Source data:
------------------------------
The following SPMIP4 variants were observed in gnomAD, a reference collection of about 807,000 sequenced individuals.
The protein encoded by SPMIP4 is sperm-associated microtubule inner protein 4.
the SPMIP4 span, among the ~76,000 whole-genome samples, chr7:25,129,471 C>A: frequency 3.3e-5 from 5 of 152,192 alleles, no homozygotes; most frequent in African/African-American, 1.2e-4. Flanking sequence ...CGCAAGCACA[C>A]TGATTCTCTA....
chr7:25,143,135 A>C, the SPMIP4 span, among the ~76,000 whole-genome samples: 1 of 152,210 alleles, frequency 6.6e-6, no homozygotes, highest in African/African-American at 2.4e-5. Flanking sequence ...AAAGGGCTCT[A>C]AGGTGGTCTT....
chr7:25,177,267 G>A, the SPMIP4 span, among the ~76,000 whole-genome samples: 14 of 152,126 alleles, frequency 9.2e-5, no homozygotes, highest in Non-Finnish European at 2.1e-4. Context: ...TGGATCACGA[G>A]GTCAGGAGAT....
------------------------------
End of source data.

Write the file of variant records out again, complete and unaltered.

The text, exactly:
The following SPMIP4 variants were observed in gnomAD, a reference collection of about 807,000 sequenced individuals.
The protein encoded by SPMIP4 is sperm-associated microtubule inner protein 4.
the SPMIP4 span, among the ~76,000 whole-genome samples, chr7:25,129,471 C>A: frequency 3.3e-5 from 5 of 152,192 alleles, no homozygotes; most frequent in African/African-American, 1.2e-4. Flanking sequence ...CGCAAGCACA[C>A]TGATTCTCTA....
chr7:25,143,135 A>C, the SPMIP4 span, among the ~76,000 whole-genome samples: 1 of 152,210 alleles, frequency 6.6e-6, no homozygotes, highest in African/African-American at 2.4e-5. Flanking sequence ...AAAGGGCTCT[A>C]AGGTGGTCTT....
chr7:25,177,267 G>A, the SPMIP4 span, among the ~76,000 whole-genome samples: 14 of 152,126 alleles, frequency 9.2e-5, no homozygotes, highest in Non-Finnish European at 2.1e-4. Context: ...TGGATCACGA[G>A]GTCAGGAGAT....